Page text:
Saving The Livestock Industry From Covid-19
Farmer's Weekly|June 5 & 12, 2020
The COVID-19 global pandemic represents a grave societal threat. In a recent policy brief, the Food and Agriculture Organization of the United Nations explains how the livestock sector has been affected, and recommends how to protect the sector and its activities to preserve their contribution to food security and the livelihood of rural communities.

The effects of the coronavirus disease (COVID-19) global pandemic on the livestock sector are still largely unquantified and yet to be fully felt. While formal assessments have not been possible so far, current observations reveal disruptions to livestock value chains in many countries.

Restrictions on movement and the need for physical distancing to keep people safe and slow down the spread of COVID-19, along with requirements for additional personal protective equipment, are reducing the efficiency of industrial feed enterprises. In addition, movement restrictions and illness are resulting in labour shortages and reduced supply of raw materials. For example, the disruption of supply routes has delayed feed supply. In Argentina, the world’s largest soya bean meal exporter, restrictions have reduced soya bean supply to feed factories by half. Movement restrictions have also disrupted the ability of pastoralists to move their livestock to new grazing ground, making it difficult for them to feed the animals.

Disruption of national and international trade routes has also impeded the ability of farmers to access breeding material and replacement stock, and this, in turn, could compromise sales for input providers. The disruption of public services (food safety inspection and animal health extension services in particular), combined with the interrupted delivery and use of vaccines and medicines, has increased the likelihood of outbreaks of serious livestock diseases, such as African swine fever in East and South East Asia, as well as zoonoses.

REDUCED ACCESS TO MARKETS

Another impact of the pandemic and related trade restrictions has been the closure of live animal markets in many countries, which has made it difficult for small-scale producers to sell their goods. The effect of poor market access has been exacerbated by lower consumer demand, which has seen prices fall. US pork prices, for example, dropped about 27% in just over a week in April.

Continue reading your story on the app

Continue reading your story in the magazine

MORE STORIES FROM FARMER'S WEEKLYView All

Sustaining a community-owned game reserve in tough times

COVID-19’s disastrous impact has necessitated change and adaptability in even the most rural parts of South Africa. The management of Somkhanda Community Game Reserve spoke to Lloyd Phillips about their efforts to keep this jewel of conservation and ecotourism alive and moving forward in the face of adversity.

7 mins read
Farmer's Weekly
April 23, 2021

Why vaccines are so important for your animals

Many medications are available for treating diseases and other problems, such as worms, in livestock. But by far the most important treatment you can give your animals is vaccinations against the diseases that occur in your area. Shane Brody explains why vaccines are different to other medicines, and why they are so effective.

3 mins read
Farmer's Weekly
April 23, 2021

Controlling the cat's claw creeper

The leaf-tying moth has been released as a biological control agent against this invasive alien plant.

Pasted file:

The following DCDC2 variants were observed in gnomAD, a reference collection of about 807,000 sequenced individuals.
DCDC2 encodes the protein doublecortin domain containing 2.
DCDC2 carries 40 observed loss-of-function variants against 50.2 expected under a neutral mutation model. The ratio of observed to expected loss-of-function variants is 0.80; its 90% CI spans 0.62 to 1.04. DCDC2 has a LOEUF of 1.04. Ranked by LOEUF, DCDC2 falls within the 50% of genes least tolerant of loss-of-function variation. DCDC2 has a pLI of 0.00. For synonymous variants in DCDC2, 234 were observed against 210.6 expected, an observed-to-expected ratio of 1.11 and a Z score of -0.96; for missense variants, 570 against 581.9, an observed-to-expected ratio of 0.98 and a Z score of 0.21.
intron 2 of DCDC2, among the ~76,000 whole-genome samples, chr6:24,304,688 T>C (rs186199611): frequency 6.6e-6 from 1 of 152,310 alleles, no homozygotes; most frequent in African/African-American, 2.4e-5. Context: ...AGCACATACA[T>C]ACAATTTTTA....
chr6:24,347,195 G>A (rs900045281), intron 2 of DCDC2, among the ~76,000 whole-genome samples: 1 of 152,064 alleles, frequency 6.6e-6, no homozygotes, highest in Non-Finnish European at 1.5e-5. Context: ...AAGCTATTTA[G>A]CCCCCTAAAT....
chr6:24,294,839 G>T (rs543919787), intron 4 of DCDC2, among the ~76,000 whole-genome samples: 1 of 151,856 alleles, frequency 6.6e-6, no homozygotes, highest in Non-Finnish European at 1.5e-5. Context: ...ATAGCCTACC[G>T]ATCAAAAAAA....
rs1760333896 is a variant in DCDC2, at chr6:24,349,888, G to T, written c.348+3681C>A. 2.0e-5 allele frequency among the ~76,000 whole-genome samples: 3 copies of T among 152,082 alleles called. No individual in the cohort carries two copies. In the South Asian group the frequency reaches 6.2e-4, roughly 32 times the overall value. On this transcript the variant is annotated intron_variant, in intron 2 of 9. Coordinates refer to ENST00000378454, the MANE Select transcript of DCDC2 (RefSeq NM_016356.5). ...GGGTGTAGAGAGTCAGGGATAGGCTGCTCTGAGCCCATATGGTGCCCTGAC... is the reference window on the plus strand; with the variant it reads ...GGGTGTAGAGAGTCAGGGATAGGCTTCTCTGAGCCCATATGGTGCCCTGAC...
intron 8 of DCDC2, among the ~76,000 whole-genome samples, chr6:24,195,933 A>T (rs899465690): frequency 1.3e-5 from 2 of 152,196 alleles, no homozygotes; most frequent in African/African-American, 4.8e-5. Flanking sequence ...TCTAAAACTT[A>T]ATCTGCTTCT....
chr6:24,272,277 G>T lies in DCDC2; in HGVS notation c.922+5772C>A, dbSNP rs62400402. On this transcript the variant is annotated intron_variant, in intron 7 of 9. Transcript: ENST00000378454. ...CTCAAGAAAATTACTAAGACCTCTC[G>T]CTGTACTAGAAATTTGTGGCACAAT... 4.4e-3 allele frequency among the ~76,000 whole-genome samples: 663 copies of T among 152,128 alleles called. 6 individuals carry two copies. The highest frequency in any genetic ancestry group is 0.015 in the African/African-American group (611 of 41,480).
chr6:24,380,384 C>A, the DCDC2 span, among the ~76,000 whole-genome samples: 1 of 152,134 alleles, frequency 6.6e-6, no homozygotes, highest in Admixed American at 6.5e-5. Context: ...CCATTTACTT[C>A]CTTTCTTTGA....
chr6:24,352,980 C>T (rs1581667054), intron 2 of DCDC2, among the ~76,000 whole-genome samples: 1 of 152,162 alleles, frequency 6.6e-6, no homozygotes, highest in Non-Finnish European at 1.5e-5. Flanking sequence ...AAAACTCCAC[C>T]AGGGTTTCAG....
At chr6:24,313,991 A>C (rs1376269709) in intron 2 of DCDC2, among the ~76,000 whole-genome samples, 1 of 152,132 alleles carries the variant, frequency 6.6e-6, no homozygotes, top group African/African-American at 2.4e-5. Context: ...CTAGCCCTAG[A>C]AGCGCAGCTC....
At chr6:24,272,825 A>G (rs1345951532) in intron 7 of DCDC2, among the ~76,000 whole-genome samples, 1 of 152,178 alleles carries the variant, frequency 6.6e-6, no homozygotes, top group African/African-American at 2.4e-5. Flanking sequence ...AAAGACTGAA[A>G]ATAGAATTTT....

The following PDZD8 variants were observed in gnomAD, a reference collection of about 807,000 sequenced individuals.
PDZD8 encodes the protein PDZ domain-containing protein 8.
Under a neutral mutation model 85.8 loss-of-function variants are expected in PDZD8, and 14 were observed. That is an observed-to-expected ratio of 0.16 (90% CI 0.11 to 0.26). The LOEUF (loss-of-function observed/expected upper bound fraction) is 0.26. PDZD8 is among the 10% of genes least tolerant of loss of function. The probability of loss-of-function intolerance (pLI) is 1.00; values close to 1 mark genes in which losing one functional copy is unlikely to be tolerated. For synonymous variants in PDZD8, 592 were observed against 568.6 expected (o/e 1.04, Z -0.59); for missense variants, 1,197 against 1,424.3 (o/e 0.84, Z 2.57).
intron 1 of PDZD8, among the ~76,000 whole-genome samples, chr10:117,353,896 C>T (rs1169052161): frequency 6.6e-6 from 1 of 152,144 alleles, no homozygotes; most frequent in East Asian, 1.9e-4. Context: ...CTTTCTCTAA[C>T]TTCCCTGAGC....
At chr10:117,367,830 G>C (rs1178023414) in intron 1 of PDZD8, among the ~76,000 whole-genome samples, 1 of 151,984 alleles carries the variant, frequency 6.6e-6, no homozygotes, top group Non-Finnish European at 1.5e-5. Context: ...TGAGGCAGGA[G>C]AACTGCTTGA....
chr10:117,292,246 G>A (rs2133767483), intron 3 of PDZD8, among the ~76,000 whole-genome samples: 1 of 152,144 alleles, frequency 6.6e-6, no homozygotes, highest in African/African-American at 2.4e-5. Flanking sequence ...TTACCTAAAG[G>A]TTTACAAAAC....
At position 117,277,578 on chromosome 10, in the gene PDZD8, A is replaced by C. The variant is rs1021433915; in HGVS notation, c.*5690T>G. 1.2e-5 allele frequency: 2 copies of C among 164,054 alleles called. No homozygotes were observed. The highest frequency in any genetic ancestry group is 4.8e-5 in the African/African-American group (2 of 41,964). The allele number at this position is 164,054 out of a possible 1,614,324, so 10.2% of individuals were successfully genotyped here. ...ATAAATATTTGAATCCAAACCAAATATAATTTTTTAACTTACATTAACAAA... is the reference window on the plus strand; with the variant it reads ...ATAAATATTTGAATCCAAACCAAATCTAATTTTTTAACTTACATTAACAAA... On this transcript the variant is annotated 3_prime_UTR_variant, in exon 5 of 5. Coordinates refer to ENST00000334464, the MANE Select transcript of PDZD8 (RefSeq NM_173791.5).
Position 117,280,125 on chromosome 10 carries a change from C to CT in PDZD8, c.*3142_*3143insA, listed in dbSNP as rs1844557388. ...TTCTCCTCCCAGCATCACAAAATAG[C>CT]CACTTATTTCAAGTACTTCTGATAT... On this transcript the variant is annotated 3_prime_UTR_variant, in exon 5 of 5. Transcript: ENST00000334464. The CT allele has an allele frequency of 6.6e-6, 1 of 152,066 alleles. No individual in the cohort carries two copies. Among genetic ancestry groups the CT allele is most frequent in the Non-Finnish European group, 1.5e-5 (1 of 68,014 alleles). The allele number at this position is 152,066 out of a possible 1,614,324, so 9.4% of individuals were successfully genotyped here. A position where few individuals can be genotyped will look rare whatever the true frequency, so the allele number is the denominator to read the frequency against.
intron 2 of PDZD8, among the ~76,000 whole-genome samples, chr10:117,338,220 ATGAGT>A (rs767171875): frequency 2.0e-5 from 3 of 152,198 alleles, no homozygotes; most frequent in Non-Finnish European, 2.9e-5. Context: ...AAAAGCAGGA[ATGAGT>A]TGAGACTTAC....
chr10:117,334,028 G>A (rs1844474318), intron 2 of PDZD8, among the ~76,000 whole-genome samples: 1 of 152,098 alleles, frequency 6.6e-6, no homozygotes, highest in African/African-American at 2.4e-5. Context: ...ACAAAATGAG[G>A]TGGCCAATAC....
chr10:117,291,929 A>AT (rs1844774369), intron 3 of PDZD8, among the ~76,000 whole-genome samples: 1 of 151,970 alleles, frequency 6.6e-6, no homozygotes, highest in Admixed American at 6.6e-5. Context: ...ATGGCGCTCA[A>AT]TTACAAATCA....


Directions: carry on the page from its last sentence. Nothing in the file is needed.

2 mins read
Farmer's Weekly
April 23, 2021

Unlocking the potential of solar energy

With solar energy becoming increasingly affordable and reliable, more and more farmers are using it to reduce their electricity costs and dependence on Eskom power. Claude Peters of RenEnergy spoke to Glenneis Kriel about this trend.

7 mins read
Farmer's Weekly
April 23, 2021

Why an integrated approach is best

Farmers are finding more and more natural enemies to keep tomato leaf miners in check instead of resorting solely to chemicals, says Bill Kerr.

3 mins read
Farmer's Weekly
April 23, 2021

Empowerment through education

Young Bonsmara farmer Keneilwe Raphesu knew the path to achieving her dreams lay in further training, so she joined a development programme for emerging farmers. She spoke to Siyanda Sishuba about the lessons she has learnt so far.

5 mins read
Farmer's Weekly
April 23, 2021

Land rights of SA's forgotten people

In this article, Prof Philippe Burger, pro-vice-chancellor of Poverty, Inequality and Economic Development at the University of the Free State, writes that South Africa is failing the poorest of the poor by not developing legislation that would strengthen the land rights of people who are living in communal areas.

5 mins read
Farmer's Weekly
April 23, 2021

The Boer goat mentor who's changing lives

Stud Boer goat breeder Desré Ferreira from Vryburg in North West provides a valuable support network to developing and commercial Boer goat farmers. She started mentoring a group of about 30 farmers a decade ago, and now supports 150. Annelie Coleman reports.

6 mins read
Farmer's Weekly
April 23, 2021

Dealing with external parasites on chickens

These pests can cause severe problems for small-flock poultry producers (and occasionally large-flock producers) by disturbing the birds and affecting their growth and egg production. They can also spread disease.

2 mins read
Farmer's Weekly
April 23, 2021

Avoiding slippery mistakes with bananas

The humble banana is usually taken for granted by consumers, but growing this popular fruit can be tricky, expensive and involve considerable risk. Having top-performing banana plantations starts with the proper establishment of the crop. Brothers Riaan and WJ Heystek shared their experiences of setting up their banana enterprise with Lloyd Phillips.

8 mins read
Farmer's Weekly
April 23, 2021